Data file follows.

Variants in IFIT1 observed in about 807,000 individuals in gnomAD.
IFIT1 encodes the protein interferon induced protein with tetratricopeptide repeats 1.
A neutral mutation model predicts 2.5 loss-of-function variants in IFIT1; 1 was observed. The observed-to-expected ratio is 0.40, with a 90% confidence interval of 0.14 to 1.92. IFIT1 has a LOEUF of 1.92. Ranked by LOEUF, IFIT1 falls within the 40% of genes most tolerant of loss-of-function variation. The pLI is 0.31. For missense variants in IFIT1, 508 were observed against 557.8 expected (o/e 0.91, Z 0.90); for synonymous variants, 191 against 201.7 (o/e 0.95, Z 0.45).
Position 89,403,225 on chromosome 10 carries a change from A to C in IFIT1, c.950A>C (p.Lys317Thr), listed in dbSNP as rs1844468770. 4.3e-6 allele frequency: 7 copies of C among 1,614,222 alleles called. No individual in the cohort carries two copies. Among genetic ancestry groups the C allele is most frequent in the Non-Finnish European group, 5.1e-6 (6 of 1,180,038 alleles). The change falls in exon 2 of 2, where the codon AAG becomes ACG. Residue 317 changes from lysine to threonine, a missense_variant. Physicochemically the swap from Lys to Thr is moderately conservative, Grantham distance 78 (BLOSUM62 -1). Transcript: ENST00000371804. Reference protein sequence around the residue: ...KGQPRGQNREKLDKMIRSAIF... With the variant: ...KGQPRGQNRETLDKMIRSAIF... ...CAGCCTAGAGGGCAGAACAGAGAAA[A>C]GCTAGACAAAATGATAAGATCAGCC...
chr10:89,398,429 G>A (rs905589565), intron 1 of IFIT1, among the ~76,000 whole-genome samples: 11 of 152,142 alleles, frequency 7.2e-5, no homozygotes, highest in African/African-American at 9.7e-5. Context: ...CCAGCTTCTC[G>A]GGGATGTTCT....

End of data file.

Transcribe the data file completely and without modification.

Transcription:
Variants in IFIT1 observed in about 807,000 individuals in gnomAD.
IFIT1 encodes the protein interferon induced protein with tetratricopeptide repeats 1.
A neutral mutation model predicts 2.5 loss-of-function variants in IFIT1; 1 was observed. The observed-to-expected ratio is 0.40, with a 90% confidence interval of 0.14 to 1.92. IFIT1 has a LOEUF of 1.92. Ranked by LOEUF, IFIT1 falls within the 40% of genes most tolerant of loss-of-function variation. The pLI is 0.31. For missense variants in IFIT1, 508 were observed against 557.8 expected (o/e 0.91, Z 0.90); for synonymous variants, 191 against 201.7 (o/e 0.95, Z 0.45).
Position 89,403,225 on chromosome 10 carries a change from A to C in IFIT1, c.950A>C (p.Lys317Thr), listed in dbSNP as rs1844468770. 4.3e-6 allele frequency: 7 copies of C among 1,614,222 alleles called. No individual in the cohort carries two copies. Among genetic ancestry groups the C allele is most frequent in the Non-Finnish European group, 5.1e-6 (6 of 1,180,038 alleles). The change falls in exon 2 of 2, where the codon AAG becomes ACG. Residue 317 changes from lysine to threonine, a missense_variant. Physicochemically the swap from Lys to Thr is moderately conservative, Grantham distance 78 (BLOSUM62 -1). Transcript: ENST00000371804. Reference protein sequence around the residue: ...KGQPRGQNREKLDKMIRSAIF... With the variant: ...KGQPRGQNRETLDKMIRSAIF... ...CAGCCTAGAGGGCAGAACAGAGAAA[A>C]GCTAGACAAAATGATAAGATCAGCC...
chr10:89,398,429 G>A (rs905589565), intron 1 of IFIT1, among the ~76,000 whole-genome samples: 11 of 152,142 alleles, frequency 7.2e-5, no homozygotes, highest in African/African-American at 9.7e-5. Context: ...CCAGCTTCTC[G>A]GGGATGTTCT....